10. You have to learn to pump gas. Eventually.

After a long period of avoidance and reluctance, I can now pump gas. The days of pulling up, rolling down your window, handing over your card and yelling "Fill it up regular please!" are over. When it's raining or cold, you miss this the most.

11. Your average pace of walking is suddenly very above-average.

Your friends will complain that you're walking too fast - when in reality - that was probably your slow-paced walk. Getting stuck behind painfully slow people is your utmost inconvenience.

12. You're asked about "Jersey Shore" way too often.

No, I don't know Snooki. No, our whole state and shore is not actually like that. We have 130 miles of some of the best beach towns in the country.

13. You can't casually mention NYC without people idealizing some magical, beautiful city.

Someone who has never been there has way too perfect an image of it. The place is quite average and dirty. Don't get me wrong, I love a good NYC day trip as much as the next person, but that's all it is to you... a day trip.

14. The lack of swearing is almost uncomfortable.

Jerseyans are known for their foul mouths, and going somewhere that isn't as aggressive as us is quite a culture adjustment.

15. No more jughandles.

No longer do you have to get in the far right lane to make a left turn.

16. You realize that other states are not nearly as extreme about their North/South division.

We literally consider them two different states. There are constant arguments and debates about it. The only thing that North and South Jersey can agree on is that a "Central Jersey" does not exist.

17. Most places also are not in a war over meat.

"Pork roll" or "taylor ham"... The most famous debate amongst North and South Jersey. It's quite a stupid argument, however, considering it is definitely pork roll.

18. You realize you were spoiled with fresh produce.

After all, it's called the "Garden State" for a reason. Your mouth may water just by thinking about some fresh Jersey corn.

19. You'll regret taking advantage of your proximity to everything.

Super short ride to the beach and a super short ride to Philly or NYC. Why was I ever bored?

20. Lastly, you realize how much pride you actually have in the "armpit of America," even if you claimed to dislike it before.

After all, there aren't many places with quite as much pride. You find yourself defending your state at all necessary moments, even if you never thought that would be the case.

Cover Image Credit: Travel Channel

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Arab-American Heritage Month Is Not A Well Known Celebration And I'm Pissed About It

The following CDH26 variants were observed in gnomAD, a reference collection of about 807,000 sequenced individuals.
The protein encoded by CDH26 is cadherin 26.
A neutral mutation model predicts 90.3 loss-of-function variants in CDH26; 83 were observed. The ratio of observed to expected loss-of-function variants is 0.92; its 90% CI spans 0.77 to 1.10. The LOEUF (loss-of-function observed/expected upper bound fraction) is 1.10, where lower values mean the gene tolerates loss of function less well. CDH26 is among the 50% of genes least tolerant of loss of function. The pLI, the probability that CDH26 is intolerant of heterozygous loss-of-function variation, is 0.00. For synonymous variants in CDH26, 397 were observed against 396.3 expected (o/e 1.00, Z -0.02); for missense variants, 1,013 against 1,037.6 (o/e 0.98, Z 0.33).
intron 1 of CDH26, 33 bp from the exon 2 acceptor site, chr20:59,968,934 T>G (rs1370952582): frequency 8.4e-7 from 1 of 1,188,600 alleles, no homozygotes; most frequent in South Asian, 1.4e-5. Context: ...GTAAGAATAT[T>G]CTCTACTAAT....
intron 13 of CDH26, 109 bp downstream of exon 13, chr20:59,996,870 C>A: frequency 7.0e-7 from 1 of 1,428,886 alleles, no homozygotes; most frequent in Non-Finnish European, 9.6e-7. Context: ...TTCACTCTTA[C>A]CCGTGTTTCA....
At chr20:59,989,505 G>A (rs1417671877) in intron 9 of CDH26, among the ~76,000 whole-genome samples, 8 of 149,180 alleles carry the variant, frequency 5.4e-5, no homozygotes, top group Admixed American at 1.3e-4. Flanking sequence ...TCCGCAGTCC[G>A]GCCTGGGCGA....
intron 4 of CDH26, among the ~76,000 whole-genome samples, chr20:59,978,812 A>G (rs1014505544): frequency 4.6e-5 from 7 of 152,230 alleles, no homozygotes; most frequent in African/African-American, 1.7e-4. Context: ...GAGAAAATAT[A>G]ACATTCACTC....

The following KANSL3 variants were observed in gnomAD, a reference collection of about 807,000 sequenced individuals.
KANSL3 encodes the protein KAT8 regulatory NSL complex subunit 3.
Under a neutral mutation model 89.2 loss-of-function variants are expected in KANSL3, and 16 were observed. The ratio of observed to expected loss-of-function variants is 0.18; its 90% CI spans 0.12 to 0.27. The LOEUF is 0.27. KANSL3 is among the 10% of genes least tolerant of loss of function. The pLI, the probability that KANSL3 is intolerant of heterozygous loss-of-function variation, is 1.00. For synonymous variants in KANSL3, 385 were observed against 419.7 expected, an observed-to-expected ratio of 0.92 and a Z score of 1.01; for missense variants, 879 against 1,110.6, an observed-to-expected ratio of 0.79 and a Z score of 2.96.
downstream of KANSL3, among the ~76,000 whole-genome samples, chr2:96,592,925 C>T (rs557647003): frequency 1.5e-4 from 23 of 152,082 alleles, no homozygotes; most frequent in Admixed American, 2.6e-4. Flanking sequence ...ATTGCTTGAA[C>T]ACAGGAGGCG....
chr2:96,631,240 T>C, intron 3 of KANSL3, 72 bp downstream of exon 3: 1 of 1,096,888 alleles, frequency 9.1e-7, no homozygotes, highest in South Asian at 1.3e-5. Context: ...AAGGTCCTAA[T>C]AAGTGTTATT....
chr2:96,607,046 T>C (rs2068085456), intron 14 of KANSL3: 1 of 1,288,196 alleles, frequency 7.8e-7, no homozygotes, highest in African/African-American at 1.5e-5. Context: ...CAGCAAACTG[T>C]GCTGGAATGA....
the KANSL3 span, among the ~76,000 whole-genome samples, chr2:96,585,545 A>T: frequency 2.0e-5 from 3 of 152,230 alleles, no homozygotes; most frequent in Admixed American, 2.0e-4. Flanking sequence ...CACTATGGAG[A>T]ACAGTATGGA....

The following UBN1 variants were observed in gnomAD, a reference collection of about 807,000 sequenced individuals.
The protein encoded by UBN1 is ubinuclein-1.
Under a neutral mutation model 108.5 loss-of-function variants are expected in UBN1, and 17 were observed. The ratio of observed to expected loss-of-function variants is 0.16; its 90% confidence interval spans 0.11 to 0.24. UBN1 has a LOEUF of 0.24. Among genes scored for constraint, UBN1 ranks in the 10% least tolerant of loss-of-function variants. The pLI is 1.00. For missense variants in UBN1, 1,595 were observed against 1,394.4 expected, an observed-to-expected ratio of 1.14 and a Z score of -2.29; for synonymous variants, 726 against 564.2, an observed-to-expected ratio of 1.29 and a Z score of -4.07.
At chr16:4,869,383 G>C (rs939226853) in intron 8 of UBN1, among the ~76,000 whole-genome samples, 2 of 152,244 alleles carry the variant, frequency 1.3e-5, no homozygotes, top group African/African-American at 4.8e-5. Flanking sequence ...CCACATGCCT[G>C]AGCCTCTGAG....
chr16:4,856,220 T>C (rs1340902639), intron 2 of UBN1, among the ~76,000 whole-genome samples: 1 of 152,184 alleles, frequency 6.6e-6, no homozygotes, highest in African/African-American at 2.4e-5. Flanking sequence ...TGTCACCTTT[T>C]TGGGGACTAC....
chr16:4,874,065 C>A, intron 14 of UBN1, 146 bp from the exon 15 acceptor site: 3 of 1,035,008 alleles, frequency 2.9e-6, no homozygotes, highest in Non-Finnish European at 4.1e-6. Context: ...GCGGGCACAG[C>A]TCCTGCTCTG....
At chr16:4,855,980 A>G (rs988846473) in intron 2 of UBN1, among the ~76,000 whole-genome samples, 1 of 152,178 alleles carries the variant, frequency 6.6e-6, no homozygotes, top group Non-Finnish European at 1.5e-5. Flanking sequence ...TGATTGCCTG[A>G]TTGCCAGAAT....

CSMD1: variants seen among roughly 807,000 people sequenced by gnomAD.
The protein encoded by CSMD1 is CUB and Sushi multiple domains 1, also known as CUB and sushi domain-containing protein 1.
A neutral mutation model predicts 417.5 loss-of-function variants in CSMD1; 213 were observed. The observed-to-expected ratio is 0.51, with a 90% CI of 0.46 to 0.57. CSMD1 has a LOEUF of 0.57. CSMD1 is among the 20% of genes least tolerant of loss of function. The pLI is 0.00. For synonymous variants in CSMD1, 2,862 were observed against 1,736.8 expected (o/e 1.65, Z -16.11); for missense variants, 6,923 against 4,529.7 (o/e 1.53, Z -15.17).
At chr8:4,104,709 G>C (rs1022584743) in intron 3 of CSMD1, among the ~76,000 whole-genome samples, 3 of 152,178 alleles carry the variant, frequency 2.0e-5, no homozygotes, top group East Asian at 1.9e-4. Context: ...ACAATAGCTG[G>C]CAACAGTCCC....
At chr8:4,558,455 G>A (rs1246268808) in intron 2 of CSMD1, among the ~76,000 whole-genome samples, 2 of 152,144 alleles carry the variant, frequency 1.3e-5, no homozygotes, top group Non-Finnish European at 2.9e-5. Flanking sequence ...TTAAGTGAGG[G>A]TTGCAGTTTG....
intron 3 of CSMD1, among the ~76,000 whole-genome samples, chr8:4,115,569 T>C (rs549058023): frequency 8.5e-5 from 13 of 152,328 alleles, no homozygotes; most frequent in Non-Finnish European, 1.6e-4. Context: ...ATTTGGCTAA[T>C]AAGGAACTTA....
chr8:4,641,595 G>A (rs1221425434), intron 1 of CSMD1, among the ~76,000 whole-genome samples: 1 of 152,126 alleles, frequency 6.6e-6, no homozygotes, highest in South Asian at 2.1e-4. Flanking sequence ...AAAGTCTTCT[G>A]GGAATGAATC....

I'm an Arab-American and didn't even know this was a thing... That's sad.

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The month of April is special for a lot of reasons but this one hits home for me. This is the perfect opportunity to celebrate the culture, history and amazing people who have helped bring something to this country. So many Arab-Americans have contributed a lot to society yet they don't get the recognition they deserve for it.

In today's society, the Arab community is always being looked down on and degraded. The lack of understanding from those around makes Arab-Americans feel like outsiders in a place they should be able to call home. The inaccurate images and stereotypes that inhabit the word "Arab" are sickening.

It's time to raise awareness. It's time to look beyond the media's portrayal. It's time to see a neighbor, a teacher, a doctor, a scientist, an artist, an athlete, a parent, a child, but most importantly, a human being, NOT a monster.

Arab-Americans encounter and fight racism every day. As a society, we should be better than that. We should want everyone in this country to feel wanted, needed and appreciated. Together, we should use this month as a time to shine light and celebrate the many Arab-Americans who have, and continue making this country great.

While you read this list of just a few famous Arab-Americans keep in mind how much they want this country to be amazing, just as much as anyone else does.

Dr. Michael DeBakey, invented the heart pump

Dr. Elias Corey, Nobel Prize winner for Chemistry in 1990 

Dr. Ahmed H. Zewail, Nobel Prize winner for Chemistry in 1999

Lucie Salhany, first woman to head a tv network 

Ralph Johns, an active participant in the civil rights movement and encouraged the famous Woolworth sit-in 

Ernest Hamwi, invented the ice cream cone

Pvt. Nathan Badeen, died fighting in the Revolutionary War

Leila Ahmed, the first women's studies professor at Harvard Divinity School 

We should recognize and celebrate these achievements. There are so many things you can learn when you step inside another culture instead of turning your back to it. This April, take time to indulge in the Arab-American heritage.

Instead of pushing away the things you don't understand, dive into diversity and expand your knowledge of the unknown. Together we can raise awareness. #IAmArabAmerican